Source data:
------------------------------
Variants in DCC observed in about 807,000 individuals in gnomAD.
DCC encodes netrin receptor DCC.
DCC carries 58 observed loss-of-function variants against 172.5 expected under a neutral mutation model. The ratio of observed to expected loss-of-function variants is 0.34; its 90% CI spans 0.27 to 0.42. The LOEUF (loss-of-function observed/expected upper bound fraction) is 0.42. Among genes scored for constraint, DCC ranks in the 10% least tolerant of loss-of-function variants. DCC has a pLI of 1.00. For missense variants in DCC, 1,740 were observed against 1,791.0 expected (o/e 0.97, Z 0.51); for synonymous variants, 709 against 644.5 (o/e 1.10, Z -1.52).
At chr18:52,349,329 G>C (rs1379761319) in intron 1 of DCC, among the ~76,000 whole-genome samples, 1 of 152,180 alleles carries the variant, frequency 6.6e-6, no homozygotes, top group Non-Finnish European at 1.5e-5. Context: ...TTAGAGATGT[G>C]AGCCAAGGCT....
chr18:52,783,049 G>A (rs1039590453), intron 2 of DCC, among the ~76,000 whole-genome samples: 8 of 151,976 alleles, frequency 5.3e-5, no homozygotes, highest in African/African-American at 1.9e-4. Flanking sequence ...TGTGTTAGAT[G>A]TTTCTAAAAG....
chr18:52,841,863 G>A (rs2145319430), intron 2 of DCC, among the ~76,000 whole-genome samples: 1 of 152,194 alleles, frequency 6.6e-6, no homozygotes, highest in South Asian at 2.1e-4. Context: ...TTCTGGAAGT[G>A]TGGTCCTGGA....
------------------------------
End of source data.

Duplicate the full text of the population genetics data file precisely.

Variants in DCC observed in about 807,000 individuals in gnomAD.
DCC encodes netrin receptor DCC.
DCC carries 58 observed loss-of-function variants against 172.5 expected under a neutral mutation model. The ratio of observed to expected loss-of-function variants is 0.34; its 90% CI spans 0.27 to 0.42. The LOEUF (loss-of-function observed/expected upper bound fraction) is 0.42. Among genes scored for constraint, DCC ranks in the 10% least tolerant of loss-of-function variants. DCC has a pLI of 1.00. For missense variants in DCC, 1,740 were observed against 1,791.0 expected (o/e 0.97, Z 0.51); for synonymous variants, 709 against 644.5 (o/e 1.10, Z -1.52).
At chr18:52,349,329 G>C (rs1379761319) in intron 1 of DCC, among the ~76,000 whole-genome samples, 1 of 152,180 alleles carries the variant, frequency 6.6e-6, no homozygotes, top group Non-Finnish European at 1.5e-5. Context: ...TTAGAGATGT[G>C]AGCCAAGGCT....
chr18:52,783,049 G>A (rs1039590453), intron 2 of DCC, among the ~76,000 whole-genome samples: 8 of 151,976 alleles, frequency 5.3e-5, no homozygotes, highest in African/African-American at 1.9e-4. Flanking sequence ...TGTGTTAGAT[G>A]TTTCTAAAAG....
chr18:52,841,863 G>A (rs2145319430), intron 2 of DCC, among the ~76,000 whole-genome samples: 1 of 152,194 alleles, frequency 6.6e-6, no homozygotes, highest in South Asian at 2.1e-4. Context: ...TTCTGGAAGT[G>A]TGGTCCTGGA....